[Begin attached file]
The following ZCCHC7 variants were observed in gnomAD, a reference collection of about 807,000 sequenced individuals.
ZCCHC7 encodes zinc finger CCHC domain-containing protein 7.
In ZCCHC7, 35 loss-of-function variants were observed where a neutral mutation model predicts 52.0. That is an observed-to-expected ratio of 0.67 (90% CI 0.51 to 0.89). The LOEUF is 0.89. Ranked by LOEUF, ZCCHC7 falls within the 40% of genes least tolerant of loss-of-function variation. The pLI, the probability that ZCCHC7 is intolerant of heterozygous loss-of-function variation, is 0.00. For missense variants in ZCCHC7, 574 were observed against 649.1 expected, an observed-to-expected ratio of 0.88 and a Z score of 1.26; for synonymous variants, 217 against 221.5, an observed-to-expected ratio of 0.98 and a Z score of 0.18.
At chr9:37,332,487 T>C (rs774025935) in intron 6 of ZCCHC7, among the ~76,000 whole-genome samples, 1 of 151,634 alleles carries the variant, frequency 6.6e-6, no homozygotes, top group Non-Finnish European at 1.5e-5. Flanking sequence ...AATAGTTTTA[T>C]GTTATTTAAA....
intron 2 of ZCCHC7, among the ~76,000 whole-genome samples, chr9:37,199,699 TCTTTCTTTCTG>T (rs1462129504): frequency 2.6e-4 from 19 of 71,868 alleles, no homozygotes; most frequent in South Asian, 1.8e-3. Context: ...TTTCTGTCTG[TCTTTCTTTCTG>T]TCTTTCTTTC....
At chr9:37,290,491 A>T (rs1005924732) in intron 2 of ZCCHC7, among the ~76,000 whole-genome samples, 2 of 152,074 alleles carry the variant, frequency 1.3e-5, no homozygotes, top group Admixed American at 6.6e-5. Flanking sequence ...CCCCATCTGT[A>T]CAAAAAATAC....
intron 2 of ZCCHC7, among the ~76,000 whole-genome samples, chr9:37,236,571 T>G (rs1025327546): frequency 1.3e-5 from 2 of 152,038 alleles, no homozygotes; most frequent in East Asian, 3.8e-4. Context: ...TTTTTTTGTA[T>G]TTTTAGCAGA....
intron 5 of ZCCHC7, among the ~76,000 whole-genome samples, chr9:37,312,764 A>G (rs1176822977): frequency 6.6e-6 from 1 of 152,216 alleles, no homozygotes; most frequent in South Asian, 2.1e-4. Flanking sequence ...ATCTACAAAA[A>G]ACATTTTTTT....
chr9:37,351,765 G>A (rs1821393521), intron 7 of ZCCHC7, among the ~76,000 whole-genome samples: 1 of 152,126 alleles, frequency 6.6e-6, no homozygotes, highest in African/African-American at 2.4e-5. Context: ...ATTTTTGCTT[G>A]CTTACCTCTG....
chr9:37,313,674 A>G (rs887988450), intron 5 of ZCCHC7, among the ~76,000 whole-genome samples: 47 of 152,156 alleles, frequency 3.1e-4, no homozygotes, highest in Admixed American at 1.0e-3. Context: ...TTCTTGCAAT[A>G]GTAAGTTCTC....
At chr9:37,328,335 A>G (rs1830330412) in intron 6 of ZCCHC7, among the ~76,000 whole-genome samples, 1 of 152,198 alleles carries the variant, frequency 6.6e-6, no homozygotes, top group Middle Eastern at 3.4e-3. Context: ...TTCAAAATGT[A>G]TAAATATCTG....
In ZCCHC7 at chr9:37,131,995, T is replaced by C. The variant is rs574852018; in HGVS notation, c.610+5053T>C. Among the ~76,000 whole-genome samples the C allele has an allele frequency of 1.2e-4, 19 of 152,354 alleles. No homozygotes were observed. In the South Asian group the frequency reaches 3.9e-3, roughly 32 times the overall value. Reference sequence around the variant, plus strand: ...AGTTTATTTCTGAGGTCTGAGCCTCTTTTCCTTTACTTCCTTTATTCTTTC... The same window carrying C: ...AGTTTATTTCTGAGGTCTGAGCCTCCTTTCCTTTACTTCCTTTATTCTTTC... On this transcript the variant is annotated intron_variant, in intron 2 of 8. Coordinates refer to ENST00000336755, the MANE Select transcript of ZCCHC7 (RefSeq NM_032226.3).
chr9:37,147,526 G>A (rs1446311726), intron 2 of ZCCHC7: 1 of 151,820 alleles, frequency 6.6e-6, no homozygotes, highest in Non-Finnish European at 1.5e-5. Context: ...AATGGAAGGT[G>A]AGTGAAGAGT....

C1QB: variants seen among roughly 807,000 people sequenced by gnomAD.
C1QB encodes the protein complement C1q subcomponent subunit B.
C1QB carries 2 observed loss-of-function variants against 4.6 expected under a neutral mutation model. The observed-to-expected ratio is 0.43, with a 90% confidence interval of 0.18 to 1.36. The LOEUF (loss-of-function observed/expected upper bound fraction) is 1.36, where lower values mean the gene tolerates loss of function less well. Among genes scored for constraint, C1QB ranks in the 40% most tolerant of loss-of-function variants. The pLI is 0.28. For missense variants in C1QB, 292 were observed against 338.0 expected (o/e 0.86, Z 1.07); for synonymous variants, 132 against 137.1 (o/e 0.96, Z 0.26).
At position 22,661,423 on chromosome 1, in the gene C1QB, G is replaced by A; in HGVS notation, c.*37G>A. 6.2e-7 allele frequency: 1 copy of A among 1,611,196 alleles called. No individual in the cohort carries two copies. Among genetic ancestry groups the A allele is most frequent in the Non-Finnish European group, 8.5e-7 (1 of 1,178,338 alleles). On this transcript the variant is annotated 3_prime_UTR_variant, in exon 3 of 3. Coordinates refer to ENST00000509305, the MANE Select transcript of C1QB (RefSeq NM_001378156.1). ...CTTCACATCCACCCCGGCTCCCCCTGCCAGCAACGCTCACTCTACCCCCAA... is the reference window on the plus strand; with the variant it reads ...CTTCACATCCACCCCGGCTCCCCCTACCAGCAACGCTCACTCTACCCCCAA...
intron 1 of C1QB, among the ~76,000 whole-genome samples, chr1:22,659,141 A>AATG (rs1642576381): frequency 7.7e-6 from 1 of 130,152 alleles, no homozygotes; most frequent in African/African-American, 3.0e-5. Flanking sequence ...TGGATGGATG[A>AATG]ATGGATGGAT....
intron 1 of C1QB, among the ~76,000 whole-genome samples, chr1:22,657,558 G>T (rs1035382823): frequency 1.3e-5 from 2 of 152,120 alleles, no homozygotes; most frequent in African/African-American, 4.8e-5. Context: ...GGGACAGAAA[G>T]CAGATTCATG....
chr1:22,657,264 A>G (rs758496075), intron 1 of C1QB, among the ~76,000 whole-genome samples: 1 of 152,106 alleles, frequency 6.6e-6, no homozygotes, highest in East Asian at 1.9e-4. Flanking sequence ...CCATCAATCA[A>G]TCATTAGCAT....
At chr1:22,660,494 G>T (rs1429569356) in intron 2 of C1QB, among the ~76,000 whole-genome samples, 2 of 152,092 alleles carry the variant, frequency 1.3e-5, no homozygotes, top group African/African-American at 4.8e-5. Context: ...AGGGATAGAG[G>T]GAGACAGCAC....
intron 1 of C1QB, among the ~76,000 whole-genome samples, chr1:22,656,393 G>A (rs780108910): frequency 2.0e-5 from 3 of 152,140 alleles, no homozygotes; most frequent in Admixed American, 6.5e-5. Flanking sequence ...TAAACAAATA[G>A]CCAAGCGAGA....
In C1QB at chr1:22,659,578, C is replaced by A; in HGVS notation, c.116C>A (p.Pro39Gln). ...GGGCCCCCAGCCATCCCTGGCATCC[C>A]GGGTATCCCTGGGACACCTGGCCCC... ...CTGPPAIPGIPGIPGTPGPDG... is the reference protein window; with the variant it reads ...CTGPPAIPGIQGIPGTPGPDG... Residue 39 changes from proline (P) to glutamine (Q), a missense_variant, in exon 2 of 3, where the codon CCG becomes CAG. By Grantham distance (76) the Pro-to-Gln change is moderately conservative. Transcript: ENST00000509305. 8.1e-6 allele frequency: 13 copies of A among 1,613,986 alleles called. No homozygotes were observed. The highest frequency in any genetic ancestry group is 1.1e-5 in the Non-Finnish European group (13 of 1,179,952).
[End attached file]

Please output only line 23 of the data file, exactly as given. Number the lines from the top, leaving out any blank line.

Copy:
In C1QB at chr1:22,659,578, C is replaced by A; in HGVS notation, c.116C>A (p.Pro39Gln). ...GGGCCCCCAGCCATCCCTGGCATCC[C>A]GGGTATCCCTGGGACACCTGGCCCC... ...CTGPPAIPGIPGIPGTPGPDG... is the reference protein window; with the variant it reads ...CTGPPAIPGIQGIPGTPGPDG... Residue 39 changes from proline (P) to glutamine (Q), a missense_variant, in exon 2 of 3, where the codon CCG becomes CAG. By Grantham distance (76) the Pro-to-Gln change is moderately conservative. Transcript: ENST00000509305. 8.1e-6 allele frequency: 13 copies of A among 1,613,986 alleles called. No homozygotes were observed. The highest frequency in any genetic ancestry group is 1.1e-5 in the Non-Finnish European group (13 of 1,179,952).